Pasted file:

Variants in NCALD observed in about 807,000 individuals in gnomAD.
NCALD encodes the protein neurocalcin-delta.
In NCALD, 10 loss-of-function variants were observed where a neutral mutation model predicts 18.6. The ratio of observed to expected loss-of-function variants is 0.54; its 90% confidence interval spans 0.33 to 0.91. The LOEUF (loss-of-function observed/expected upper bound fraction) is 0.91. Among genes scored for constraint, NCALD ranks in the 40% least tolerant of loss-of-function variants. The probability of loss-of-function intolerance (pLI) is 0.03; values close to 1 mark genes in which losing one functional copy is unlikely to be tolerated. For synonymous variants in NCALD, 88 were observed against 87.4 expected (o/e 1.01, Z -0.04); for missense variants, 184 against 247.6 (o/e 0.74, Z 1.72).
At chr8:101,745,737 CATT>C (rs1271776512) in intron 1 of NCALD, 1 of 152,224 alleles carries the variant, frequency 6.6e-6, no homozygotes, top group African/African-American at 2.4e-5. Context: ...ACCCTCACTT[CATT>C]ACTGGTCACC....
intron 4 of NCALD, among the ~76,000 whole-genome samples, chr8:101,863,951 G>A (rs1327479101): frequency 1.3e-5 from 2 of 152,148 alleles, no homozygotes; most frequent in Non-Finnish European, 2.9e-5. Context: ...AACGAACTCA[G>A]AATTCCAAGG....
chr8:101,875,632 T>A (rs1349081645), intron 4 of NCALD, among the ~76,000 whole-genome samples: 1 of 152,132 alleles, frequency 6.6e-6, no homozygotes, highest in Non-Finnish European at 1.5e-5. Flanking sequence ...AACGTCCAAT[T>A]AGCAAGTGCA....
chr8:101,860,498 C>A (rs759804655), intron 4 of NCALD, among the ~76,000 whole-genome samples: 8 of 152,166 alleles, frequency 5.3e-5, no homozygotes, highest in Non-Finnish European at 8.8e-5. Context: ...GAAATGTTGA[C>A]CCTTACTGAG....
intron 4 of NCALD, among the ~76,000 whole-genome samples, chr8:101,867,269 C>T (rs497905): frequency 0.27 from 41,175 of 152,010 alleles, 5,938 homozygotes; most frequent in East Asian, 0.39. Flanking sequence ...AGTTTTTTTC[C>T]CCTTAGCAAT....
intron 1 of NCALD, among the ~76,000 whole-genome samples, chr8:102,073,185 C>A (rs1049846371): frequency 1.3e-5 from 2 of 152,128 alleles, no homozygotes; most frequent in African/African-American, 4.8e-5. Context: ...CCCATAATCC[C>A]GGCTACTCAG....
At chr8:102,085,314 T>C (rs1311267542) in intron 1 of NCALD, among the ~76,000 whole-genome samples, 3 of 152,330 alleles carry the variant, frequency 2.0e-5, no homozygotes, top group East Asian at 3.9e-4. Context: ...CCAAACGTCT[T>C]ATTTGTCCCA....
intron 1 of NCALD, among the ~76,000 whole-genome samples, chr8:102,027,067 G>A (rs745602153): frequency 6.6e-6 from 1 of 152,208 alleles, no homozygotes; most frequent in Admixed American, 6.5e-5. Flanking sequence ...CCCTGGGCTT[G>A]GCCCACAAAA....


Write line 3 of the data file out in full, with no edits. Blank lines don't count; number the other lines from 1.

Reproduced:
In NCALD, 10 loss-of-function variants were observed where a neutral mutation model predicts 18.6. The ratio of observed to expected loss-of-function variants is 0.54; its 90% confidence interval spans 0.33 to 0.91. The LOEUF (loss-of-function observed/expected upper bound fraction) is 0.91. Among genes scored for constraint, NCALD ranks in the 40% least tolerant of loss-of-function variants. The probability of loss-of-function intolerance (pLI) is 0.03; values close to 1 mark genes in which losing one functional copy is unlikely to be tolerated. For synonymous variants in NCALD, 88 were observed against 87.4 expected (o/e 1.01, Z -0.04); for missense variants, 184 against 247.6 (o/e 0.74, Z 1.72).